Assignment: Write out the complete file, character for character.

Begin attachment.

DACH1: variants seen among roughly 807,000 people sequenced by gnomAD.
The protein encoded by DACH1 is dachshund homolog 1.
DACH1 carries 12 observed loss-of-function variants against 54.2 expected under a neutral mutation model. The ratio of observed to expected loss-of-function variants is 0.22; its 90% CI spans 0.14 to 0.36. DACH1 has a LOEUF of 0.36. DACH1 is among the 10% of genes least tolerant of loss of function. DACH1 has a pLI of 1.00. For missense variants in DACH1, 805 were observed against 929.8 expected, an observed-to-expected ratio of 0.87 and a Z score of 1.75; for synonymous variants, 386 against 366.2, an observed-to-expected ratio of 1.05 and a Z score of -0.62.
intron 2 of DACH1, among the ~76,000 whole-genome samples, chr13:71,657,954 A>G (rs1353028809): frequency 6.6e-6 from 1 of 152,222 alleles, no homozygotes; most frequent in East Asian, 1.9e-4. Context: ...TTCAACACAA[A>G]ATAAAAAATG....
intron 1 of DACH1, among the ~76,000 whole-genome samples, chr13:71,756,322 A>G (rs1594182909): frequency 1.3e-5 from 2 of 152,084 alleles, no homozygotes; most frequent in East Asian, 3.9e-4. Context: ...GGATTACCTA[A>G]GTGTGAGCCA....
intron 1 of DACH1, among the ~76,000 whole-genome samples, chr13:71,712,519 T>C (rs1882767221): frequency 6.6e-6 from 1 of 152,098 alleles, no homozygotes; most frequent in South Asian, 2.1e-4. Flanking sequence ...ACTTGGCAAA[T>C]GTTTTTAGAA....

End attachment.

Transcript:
DACH1: variants seen among roughly 807,000 people sequenced by gnomAD.
The protein encoded by DACH1 is dachshund homolog 1.
DACH1 carries 12 observed loss-of-function variants against 54.2 expected under a neutral mutation model. The ratio of observed to expected loss-of-function variants is 0.22; its 90% CI spans 0.14 to 0.36. DACH1 has a LOEUF of 0.36. DACH1 is among the 10% of genes least tolerant of loss of function. DACH1 has a pLI of 1.00. For missense variants in DACH1, 805 were observed against 929.8 expected, an observed-to-expected ratio of 0.87 and a Z score of 1.75; for synonymous variants, 386 against 366.2, an observed-to-expected ratio of 1.05 and a Z score of -0.62.
intron 2 of DACH1, among the ~76,000 whole-genome samples, chr13:71,657,954 A>G (rs1353028809): frequency 6.6e-6 from 1 of 152,222 alleles, no homozygotes; most frequent in East Asian, 1.9e-4. Context: ...TTCAACACAA[A>G]ATAAAAAATG....
intron 1 of DACH1, among the ~76,000 whole-genome samples, chr13:71,756,322 A>G (rs1594182909): frequency 1.3e-5 from 2 of 152,084 alleles, no homozygotes; most frequent in East Asian, 3.9e-4. Context: ...GGATTACCTA[A>G]GTGTGAGCCA....
intron 1 of DACH1, among the ~76,000 whole-genome samples, chr13:71,712,519 T>C (rs1882767221): frequency 6.6e-6 from 1 of 152,098 alleles, no homozygotes; most frequent in South Asian, 2.1e-4. Flanking sequence ...ACTTGGCAAA[T>C]GTTTTTAGAA....